Option 1 and 2 – cumbersome process (setup and to maintain)
Option 3 – simple setup for a NAS as it run’s in a Docker and the NAS takes care of the data backup.

So I would prefer option 3 (on my new NAS DS720+) but there I face the issue that the USB is not accessible via Docker (my current Z-wave Stick).
Until I have found a solution for this issue I want to run OpenHab3 via Pi4 + SSD as this is in my opinion the most reliable solution at this time.
I carouse how other people approached the “robustness and reliability” of a home critical system with OpenHab3?

If you want reliability = long MTBF + short MTTR, the #1 recommendation is to use a dedicated system so drop the NAS idea. There’s also a long history of software issues of running on NAS.

Use openHABian on SD. openHABian is making use of professional data centre operations techniques to provide the robustness you’re looking for.
It has features to mitigate SD wearout, provides SD mirroring and the backup toolset.
Easy installation right via menu.

@Fox27 Run it however you like and how it works for you.

Because Markus is who he is I run mine using his recommendations.

My Pi 4 8gig mem Boots from SD Card and is Mirrored to SD card plugged into USB port. It has MSATA SDD attached for storage and Amanda Backup

You will have a better experience using a PI and OpenHABian than with the NAS.

The support you get from Markus and the whole openHAB team I consider expert professional advise. Please read the official documentation and follow it as many extremely talented people have written it and it is worth your time to read and understand what is in it.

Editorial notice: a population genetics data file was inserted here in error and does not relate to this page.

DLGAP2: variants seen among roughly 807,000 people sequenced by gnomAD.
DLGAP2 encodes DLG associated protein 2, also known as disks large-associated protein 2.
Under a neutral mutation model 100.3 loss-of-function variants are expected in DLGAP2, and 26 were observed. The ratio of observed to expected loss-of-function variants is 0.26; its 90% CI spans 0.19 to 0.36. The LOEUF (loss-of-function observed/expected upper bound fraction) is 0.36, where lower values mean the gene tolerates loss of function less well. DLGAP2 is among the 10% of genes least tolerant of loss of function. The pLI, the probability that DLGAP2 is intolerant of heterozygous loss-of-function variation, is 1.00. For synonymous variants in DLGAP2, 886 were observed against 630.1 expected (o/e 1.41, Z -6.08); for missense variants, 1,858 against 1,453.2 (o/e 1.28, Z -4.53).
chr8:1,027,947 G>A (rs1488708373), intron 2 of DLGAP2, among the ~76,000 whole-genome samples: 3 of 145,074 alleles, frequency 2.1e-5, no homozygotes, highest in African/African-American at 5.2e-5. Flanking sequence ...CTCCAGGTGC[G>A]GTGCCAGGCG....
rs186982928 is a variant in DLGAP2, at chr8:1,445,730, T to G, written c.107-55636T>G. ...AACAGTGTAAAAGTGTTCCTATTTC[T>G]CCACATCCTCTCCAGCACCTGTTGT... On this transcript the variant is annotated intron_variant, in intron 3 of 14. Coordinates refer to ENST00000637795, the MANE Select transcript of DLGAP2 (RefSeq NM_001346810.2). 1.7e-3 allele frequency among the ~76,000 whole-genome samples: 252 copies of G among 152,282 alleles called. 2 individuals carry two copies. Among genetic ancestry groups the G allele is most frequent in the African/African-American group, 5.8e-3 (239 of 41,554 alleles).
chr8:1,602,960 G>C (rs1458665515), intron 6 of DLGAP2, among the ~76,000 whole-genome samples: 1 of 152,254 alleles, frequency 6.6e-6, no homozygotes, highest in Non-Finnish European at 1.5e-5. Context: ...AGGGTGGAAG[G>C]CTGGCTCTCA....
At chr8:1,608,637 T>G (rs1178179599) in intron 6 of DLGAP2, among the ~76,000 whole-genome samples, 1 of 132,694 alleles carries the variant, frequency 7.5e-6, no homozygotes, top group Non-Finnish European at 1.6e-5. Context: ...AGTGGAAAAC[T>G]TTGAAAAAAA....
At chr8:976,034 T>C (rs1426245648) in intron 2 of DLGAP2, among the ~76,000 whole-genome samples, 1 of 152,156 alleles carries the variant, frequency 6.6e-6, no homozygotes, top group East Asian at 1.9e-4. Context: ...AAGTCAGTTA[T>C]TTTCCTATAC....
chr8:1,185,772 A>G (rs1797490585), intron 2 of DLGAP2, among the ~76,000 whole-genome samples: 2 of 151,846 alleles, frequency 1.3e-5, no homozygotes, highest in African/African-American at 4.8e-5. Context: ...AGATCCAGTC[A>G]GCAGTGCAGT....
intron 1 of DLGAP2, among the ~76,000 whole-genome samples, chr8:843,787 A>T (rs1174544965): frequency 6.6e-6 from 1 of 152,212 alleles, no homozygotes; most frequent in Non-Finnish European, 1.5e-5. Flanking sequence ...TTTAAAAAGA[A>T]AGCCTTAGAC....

Maybe it is good for a general understanding to explain as to WHY it is recommended to operate a Pi with SD-Card and not with a more robust SSD.
To me it seems (and I might likely be wrong) it is a leftover from old days when Raspbian OS did not support booting from SSD. But that is history now I think for more than a year now.

I personally boot from SSD and have no problems at all. I do regular backups and when my ssd crashed I just create another fresh image and restore the zip file - should not take more than half an hour, I tend to do no over-managing of my system.

Frankly I don’t know you. I don’t know your capabilities and I did run my PI 3 off ssd for a long time. Which is why I say “Run it however you like”

openHABian is for beginners I assume you are probably a little more advanced than a middle aged mom wanting to tie all of the devices together.